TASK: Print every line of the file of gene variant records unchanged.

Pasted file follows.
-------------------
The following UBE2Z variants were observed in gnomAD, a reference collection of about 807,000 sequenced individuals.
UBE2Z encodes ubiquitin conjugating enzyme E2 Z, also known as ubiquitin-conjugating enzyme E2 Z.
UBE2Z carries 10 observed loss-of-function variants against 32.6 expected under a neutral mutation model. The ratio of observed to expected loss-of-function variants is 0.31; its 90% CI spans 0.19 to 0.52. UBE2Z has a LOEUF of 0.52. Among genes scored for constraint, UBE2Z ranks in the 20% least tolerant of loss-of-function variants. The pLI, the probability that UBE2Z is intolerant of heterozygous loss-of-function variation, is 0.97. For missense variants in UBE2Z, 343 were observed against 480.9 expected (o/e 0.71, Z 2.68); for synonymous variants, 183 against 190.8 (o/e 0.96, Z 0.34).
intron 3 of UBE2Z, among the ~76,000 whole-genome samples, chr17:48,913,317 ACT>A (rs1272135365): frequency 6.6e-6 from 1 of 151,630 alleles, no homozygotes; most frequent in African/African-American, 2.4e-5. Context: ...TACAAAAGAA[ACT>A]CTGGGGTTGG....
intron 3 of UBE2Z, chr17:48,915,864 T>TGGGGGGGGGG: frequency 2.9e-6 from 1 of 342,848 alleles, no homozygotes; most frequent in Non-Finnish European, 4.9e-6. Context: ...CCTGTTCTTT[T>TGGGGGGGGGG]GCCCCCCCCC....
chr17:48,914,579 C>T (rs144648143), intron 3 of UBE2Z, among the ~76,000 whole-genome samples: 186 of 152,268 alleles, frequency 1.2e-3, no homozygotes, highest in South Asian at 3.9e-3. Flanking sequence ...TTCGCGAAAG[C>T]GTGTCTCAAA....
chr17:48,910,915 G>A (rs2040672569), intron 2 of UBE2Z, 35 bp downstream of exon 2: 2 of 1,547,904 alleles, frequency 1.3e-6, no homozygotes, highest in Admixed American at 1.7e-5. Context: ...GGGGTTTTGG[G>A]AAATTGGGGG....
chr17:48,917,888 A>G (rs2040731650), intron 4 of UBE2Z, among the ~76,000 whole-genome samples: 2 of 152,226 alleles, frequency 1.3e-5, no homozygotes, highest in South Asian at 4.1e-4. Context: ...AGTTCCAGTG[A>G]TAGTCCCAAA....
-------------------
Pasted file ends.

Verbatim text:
The following UBE2Z variants were observed in gnomAD, a reference collection of about 807,000 sequenced individuals.
UBE2Z encodes ubiquitin conjugating enzyme E2 Z, also known as ubiquitin-conjugating enzyme E2 Z.
UBE2Z carries 10 observed loss-of-function variants against 32.6 expected under a neutral mutation model. The ratio of observed to expected loss-of-function variants is 0.31; its 90% CI spans 0.19 to 0.52. UBE2Z has a LOEUF of 0.52. Among genes scored for constraint, UBE2Z ranks in the 20% least tolerant of loss-of-function variants. The pLI, the probability that UBE2Z is intolerant of heterozygous loss-of-function variation, is 0.97. For missense variants in UBE2Z, 343 were observed against 480.9 expected (o/e 0.71, Z 2.68); for synonymous variants, 183 against 190.8 (o/e 0.96, Z 0.34).
intron 3 of UBE2Z, among the ~76,000 whole-genome samples, chr17:48,913,317 ACT>A (rs1272135365): frequency 6.6e-6 from 1 of 151,630 alleles, no homozygotes; most frequent in African/African-American, 2.4e-5. Context: ...TACAAAAGAA[ACT>A]CTGGGGTTGG....
intron 3 of UBE2Z, chr17:48,915,864 T>TGGGGGGGGGG: frequency 2.9e-6 from 1 of 342,848 alleles, no homozygotes; most frequent in Non-Finnish European, 4.9e-6. Context: ...CCTGTTCTTT[T>TGGGGGGGGGG]GCCCCCCCCC....
chr17:48,914,579 C>T (rs144648143), intron 3 of UBE2Z, among the ~76,000 whole-genome samples: 186 of 152,268 alleles, frequency 1.2e-3, no homozygotes, highest in South Asian at 3.9e-3. Flanking sequence ...TTCGCGAAAG[C>T]GTGTCTCAAA....
chr17:48,910,915 G>A (rs2040672569), intron 2 of UBE2Z, 35 bp downstream of exon 2: 2 of 1,547,904 alleles, frequency 1.3e-6, no homozygotes, highest in Admixed American at 1.7e-5. Context: ...GGGGTTTTGG[G>A]AAATTGGGGG....
chr17:48,917,888 A>G (rs2040731650), intron 4 of UBE2Z, among the ~76,000 whole-genome samples: 2 of 152,226 alleles, frequency 1.3e-5, no homozygotes, highest in South Asian at 4.1e-4. Context: ...AGTTCCAGTG[A>G]TAGTCCCAAA....